It took everyone a while to figure out what the Supreme Court final verdict in Silvio Berlusconi’s tax fraud case meant in practice. Let’s start from the easiest part: the four-year prison sentence has been definitively upheld. As we explained here, Berlusconi will only have to serve one year in reality – with house arrest or community service the most likely options, given his age.
The Supreme Court also said the five-year public office ban was excessive under Italian law and had to be cut down – so it referred it back to the Court of Appeal for review. In other words, it seemed Il Cavaliere had at least temporarily dodged the ban – arguably more important than the prison sentence from his point of view.
However, a new twist to the story emerged last night. Under Italy’s new anti-corruption law, which was passed at the end of 2012 by Mario Monti’s technocratic government, Berlusconi will not be allowed to stand for election for at least six years as a result of his tax fraud conviction. In practice, this means Berlusconi will not be able to run in the next Italian elections even if Letta’s government saw through the entire five-year parliamentary term.
But there’s more: Berlusconi also risks losing his seat soon(ish). According to the same law, the Italian Senate will have to vote on whether to expel Berlusconi with immediate effect. This vote will probably take place at some point in September – and will turn into a key test for the stability of Italy’s coalition government.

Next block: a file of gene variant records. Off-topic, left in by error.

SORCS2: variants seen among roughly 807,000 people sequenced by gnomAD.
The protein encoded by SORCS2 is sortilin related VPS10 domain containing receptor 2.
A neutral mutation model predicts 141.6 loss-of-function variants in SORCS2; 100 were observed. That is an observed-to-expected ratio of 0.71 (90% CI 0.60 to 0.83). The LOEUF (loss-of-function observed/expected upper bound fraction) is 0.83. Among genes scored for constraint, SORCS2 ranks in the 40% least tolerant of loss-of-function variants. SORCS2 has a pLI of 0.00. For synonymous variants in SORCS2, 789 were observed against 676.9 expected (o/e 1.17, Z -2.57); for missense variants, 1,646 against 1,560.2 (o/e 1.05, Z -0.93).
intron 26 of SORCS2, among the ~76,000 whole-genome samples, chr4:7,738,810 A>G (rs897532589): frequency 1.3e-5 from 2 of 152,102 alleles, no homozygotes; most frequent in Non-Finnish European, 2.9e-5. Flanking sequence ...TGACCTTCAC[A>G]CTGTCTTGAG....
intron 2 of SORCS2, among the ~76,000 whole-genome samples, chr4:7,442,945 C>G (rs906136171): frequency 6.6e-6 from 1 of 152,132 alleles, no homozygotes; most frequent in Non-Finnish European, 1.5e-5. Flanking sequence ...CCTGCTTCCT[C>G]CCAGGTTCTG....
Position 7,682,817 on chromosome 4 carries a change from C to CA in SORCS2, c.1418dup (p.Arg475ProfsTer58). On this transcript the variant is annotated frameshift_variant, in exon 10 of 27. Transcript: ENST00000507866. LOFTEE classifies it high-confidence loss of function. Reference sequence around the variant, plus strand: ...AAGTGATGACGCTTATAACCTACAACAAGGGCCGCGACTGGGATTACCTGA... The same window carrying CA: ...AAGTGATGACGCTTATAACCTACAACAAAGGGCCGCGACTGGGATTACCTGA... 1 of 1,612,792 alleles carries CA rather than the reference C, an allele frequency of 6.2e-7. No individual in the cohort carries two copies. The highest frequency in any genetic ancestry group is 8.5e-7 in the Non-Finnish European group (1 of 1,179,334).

So, in substance, the lose-lose scenario for Italian Prime Minister Enrico Letta’s Democratic Party that we discussed here is materialising after all:
- If the Democratic Party votes to expel Berlusconi, it will put Italy’s coalition government at risk;
- If the Democratic Party votes to keep Berlusconi in, it will put itself at risk of internal strains and criticism from angry voters. It would also provide a boost to Beppe Grillo’s anti-establishment rhetoric.
At some point Mr Letta will have to decide whether it is acceptable for his party and his electorate to stay in government with a party whose leader has just been convicted for tax fraud. Italy’s short-term political stability could also depend on the answer to this question.
Following the verdict, Berlusconi made a rather emotional statement. It was a political ‘call to arms’ for his supporters, with no mention of Letta or the future of Italy’s coalition government. Berlusconi insisted he is the victim of “judicial doggedness without equal in the civilised world” and pledged to “fight on”. We are pretty sure he will.Open Europe blog team